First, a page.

The Confederate Monument Thing Again

On this day, when we traditionally celebrate American independence, I’m a little surprised that I’m having to revisit a post that I wrote in 2017 entitled, “Historical Statues: One Solution“. But yes, indeed, the controversy over whether or not to remove confederate statues has reared its ugly head yet again.

That 2017 blog post describes a brilliant solution that the people of Budapest, Hungary came up with to deal with their brutal communist era statues. It’s really quite fascinating, and I hope it’s an idea that can be adopted here. It would allow the statues to still exist, but in an educational context in a museum-like setting where those who don’t want to see them won’t have to. Please do read it and tell me what you think.

But for those of you who don’t click through, I leave you with a few points to ponder:

  • Monuments are not history. They’re the glorification thereof.

  • No child should have to grow up under the shadow of statues of people who thought they should be enslaved.

  • Removing a statue won’t erase the history, and we can and should still learn from that history. Learn, but not deify.

It really is okay to become older and wiser as a society. I promise. We’ll be okay.

Happy Independence Day.

Confederate_Monument_-_E_frieze_-_Arlington_National_Cemetery_-_2011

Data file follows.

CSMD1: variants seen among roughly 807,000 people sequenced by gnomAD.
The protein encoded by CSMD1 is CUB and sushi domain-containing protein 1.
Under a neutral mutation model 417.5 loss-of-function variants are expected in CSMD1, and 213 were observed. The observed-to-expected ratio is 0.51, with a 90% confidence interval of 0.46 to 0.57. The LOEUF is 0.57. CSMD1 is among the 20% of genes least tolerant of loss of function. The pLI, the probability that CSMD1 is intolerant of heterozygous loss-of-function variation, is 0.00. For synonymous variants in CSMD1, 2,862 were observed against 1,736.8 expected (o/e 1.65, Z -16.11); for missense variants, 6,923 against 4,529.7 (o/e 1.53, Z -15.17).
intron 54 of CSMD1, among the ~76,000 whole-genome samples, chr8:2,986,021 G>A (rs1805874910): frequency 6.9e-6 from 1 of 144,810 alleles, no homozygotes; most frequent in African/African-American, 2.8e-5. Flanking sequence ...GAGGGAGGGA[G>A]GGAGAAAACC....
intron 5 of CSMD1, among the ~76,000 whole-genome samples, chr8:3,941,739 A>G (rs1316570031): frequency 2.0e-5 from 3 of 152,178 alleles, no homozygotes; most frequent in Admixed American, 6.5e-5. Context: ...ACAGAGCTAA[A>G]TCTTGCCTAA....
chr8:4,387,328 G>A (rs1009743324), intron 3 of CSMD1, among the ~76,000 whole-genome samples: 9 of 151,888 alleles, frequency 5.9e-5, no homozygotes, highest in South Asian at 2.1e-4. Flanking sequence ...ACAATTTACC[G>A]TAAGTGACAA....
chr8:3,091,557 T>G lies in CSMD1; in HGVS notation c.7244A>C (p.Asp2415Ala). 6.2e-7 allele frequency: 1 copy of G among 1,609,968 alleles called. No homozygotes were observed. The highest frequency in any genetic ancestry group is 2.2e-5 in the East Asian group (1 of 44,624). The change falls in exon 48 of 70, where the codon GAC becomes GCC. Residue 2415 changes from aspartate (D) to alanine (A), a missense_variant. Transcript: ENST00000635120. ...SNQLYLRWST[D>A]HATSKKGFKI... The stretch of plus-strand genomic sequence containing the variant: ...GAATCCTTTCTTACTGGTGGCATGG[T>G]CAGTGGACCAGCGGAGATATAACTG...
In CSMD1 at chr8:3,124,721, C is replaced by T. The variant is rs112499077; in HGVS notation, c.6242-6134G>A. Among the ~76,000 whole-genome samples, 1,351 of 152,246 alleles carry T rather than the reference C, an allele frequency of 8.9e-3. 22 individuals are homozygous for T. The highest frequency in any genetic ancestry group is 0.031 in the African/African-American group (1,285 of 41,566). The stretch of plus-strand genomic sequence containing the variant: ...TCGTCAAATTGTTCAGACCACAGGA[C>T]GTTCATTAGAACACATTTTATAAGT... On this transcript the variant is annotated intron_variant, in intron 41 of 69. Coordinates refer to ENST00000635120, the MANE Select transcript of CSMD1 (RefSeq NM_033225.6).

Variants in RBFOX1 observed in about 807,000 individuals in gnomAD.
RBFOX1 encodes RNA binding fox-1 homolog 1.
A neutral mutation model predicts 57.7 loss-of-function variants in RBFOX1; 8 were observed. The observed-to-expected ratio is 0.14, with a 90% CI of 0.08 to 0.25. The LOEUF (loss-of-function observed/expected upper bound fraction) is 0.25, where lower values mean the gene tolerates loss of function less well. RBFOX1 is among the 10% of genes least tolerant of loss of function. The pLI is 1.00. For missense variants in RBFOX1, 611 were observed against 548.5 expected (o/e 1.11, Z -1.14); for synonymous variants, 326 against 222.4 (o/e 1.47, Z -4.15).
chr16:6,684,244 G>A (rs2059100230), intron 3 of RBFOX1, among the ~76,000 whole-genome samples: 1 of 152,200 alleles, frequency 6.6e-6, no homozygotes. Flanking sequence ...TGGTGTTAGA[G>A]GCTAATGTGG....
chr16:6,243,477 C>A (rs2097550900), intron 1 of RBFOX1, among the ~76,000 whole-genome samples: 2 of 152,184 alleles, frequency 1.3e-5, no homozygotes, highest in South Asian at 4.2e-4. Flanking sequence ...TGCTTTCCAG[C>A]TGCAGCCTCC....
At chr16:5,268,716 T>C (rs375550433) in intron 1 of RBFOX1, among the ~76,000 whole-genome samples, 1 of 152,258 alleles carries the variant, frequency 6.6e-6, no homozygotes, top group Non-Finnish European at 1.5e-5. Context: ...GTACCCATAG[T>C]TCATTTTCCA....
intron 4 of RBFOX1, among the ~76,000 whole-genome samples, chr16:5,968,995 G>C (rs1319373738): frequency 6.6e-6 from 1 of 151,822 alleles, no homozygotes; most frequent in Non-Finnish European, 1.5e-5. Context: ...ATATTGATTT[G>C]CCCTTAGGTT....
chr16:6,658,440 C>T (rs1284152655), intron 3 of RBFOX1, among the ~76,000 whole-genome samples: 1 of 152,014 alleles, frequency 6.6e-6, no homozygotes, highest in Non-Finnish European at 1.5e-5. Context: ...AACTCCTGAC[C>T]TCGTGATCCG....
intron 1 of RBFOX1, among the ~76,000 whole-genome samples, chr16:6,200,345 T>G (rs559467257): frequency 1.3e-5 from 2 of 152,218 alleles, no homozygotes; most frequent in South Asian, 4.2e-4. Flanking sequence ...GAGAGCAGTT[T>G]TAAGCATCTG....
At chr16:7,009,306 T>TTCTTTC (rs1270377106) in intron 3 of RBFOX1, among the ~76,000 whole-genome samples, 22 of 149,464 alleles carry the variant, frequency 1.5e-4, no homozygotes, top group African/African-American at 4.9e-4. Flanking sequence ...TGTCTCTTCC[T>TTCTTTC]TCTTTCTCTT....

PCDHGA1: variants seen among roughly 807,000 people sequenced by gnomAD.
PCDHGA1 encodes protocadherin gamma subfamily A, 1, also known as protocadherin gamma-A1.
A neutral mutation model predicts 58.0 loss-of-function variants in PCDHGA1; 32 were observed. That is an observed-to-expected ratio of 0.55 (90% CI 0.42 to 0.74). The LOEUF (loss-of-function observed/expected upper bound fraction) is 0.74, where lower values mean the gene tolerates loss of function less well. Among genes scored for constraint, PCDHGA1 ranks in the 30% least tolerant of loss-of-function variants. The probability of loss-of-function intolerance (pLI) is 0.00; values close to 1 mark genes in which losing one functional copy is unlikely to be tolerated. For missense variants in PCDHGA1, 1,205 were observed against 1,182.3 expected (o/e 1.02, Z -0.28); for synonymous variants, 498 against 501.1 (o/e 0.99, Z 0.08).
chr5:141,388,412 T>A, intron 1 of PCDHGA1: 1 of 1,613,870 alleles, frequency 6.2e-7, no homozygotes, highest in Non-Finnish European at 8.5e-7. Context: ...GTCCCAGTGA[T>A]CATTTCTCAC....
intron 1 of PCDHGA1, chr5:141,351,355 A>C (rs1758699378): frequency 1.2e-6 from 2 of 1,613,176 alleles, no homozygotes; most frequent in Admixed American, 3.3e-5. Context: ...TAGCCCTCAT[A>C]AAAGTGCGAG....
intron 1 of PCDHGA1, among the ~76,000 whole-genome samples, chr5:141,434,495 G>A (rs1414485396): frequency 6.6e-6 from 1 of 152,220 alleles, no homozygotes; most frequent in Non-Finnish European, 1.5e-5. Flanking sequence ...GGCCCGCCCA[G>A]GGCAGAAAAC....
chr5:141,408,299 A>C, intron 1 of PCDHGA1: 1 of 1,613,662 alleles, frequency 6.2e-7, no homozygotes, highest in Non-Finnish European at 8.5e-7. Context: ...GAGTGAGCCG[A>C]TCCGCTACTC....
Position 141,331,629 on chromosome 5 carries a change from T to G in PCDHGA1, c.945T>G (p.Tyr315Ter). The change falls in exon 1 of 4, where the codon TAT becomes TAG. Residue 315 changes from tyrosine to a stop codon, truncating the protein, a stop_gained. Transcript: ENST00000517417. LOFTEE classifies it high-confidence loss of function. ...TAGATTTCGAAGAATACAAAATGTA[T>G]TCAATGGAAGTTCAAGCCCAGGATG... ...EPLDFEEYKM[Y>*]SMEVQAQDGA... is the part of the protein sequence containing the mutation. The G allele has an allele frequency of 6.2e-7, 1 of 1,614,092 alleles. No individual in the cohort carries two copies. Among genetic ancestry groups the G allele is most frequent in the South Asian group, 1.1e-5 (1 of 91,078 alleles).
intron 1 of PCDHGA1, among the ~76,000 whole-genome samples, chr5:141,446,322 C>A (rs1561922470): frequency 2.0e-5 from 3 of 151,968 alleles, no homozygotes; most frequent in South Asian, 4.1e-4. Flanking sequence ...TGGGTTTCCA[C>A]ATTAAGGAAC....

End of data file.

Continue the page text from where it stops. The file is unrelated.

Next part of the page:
Historically absurd.

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Give Bridgetenders Some Credit

Okay, I admit it. I’ve been a bridgetender for 15 years, so I’m probably entirely too biased to write a blog entry of this type. But if I don’t, no one will.

This job is full of unsung heroes. Simply Google “Drawbridge” and “Death” and you’ll see just how dangerous these structures can be. Think about it: A typical bridge is probably 2 million pounds of moving concrete and steel, and many people feel that they’re immortal, or at the very least that the rules don’t apply to them. That makes for a toxic brew.

I’ve known many bridgetenders who have saved people’s lives. Many have thwarted suicide attempts, fished people out of the water by deploying life rings, or even pulled people out of burning cars after traffic accidents. And yet most people don’t even know we exist.

Bridgetenders come to work every day and make the safety of the traveling public our top priority. Not a day goes by when our independent judgment doesn’t prevent a traffic accident or injuries to pedestrians who have chosen to ignore warning signals. And there are quite a few boaters out there who don’t adhere to Coastguard Federal Regulations. That puts everyone at risk.

There really ought to be a monument to bridgetenders on the Washington mall, or at the very least, a statue at the foot of a drawbridge somewhere. If so, it should be in the likeness of Peter Fancher, who died on the job back in 1981. According to this article, he was working on the Seven Mile Bridge that links Miami, Florida to Key West when a passing truck struck a propane tank that was attached to the tower for some insane reason. The explosion engulfed the tenderhouse and a man who was just trying to make an honest living was cremated instantly. He was 39 years old.

Most bridgetenders aren’t looking for thanks, as I mentioned in a recent blog entry entitled Loving My Thankless Job. But when the stuff hits the fan, after I do my best to set things to right, and after the adrenaline has worn off, I often think of Peter Fancher, and I’m very grateful to be going home in one piece.

Seven_mile_bridge
The Seven Mile Bridge today. The original bridge appears in the foreground and is used only by pedestrians. Sadly, Mr. Fancher’s swing bridge is long gone.